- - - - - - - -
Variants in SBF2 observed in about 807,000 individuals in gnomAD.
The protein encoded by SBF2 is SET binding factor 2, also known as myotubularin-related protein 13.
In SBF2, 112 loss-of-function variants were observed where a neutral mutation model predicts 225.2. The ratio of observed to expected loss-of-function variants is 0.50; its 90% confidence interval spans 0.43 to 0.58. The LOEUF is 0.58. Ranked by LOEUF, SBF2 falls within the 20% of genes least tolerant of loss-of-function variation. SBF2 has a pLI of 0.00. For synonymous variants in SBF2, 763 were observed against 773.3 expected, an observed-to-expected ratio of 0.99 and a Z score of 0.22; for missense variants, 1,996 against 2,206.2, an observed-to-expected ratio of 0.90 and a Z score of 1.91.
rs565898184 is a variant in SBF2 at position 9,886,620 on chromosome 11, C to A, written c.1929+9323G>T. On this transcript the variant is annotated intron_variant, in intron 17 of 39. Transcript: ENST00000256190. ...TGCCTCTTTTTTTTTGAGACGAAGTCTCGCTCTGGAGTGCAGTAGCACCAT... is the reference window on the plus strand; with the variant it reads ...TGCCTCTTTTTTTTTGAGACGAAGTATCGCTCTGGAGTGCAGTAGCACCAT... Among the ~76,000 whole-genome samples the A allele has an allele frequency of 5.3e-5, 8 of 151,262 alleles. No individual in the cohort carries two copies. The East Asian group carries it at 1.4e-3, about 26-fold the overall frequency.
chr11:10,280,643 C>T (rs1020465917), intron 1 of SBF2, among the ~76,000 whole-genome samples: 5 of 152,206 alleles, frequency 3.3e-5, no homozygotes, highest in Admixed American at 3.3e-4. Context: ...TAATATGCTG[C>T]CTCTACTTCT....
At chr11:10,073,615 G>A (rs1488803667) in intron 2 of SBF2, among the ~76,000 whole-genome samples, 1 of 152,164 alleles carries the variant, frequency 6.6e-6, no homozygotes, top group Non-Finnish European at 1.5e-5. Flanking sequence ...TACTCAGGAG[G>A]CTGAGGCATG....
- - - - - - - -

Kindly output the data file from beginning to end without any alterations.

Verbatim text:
Variants in SBF2 observed in about 807,000 individuals in gnomAD.
The protein encoded by SBF2 is SET binding factor 2, also known as myotubularin-related protein 13.
In SBF2, 112 loss-of-function variants were observed where a neutral mutation model predicts 225.2. The ratio of observed to expected loss-of-function variants is 0.50; its 90% confidence interval spans 0.43 to 0.58. The LOEUF is 0.58. Ranked by LOEUF, SBF2 falls within the 20% of genes least tolerant of loss-of-function variation. SBF2 has a pLI of 0.00. For synonymous variants in SBF2, 763 were observed against 773.3 expected, an observed-to-expected ratio of 0.99 and a Z score of 0.22; for missense variants, 1,996 against 2,206.2, an observed-to-expected ratio of 0.90 and a Z score of 1.91.
rs565898184 is a variant in SBF2 at position 9,886,620 on chromosome 11, C to A, written c.1929+9323G>T. On this transcript the variant is annotated intron_variant, in intron 17 of 39. Transcript: ENST00000256190. ...TGCCTCTTTTTTTTTGAGACGAAGTCTCGCTCTGGAGTGCAGTAGCACCAT... is the reference window on the plus strand; with the variant it reads ...TGCCTCTTTTTTTTTGAGACGAAGTATCGCTCTGGAGTGCAGTAGCACCAT... Among the ~76,000 whole-genome samples the A allele has an allele frequency of 5.3e-5, 8 of 151,262 alleles. No individual in the cohort carries two copies. The East Asian group carries it at 1.4e-3, about 26-fold the overall frequency.
chr11:10,280,643 C>T (rs1020465917), intron 1 of SBF2, among the ~76,000 whole-genome samples: 5 of 152,206 alleles, frequency 3.3e-5, no homozygotes, highest in Admixed American at 3.3e-4. Context: ...TAATATGCTG[C>T]CTCTACTTCT....
At chr11:10,073,615 G>A (rs1488803667) in intron 2 of SBF2, among the ~76,000 whole-genome samples, 1 of 152,164 alleles carries the variant, frequency 6.6e-6, no homozygotes, top group Non-Finnish European at 1.5e-5. Flanking sequence ...TACTCAGGAG[G>A]CTGAGGCATG....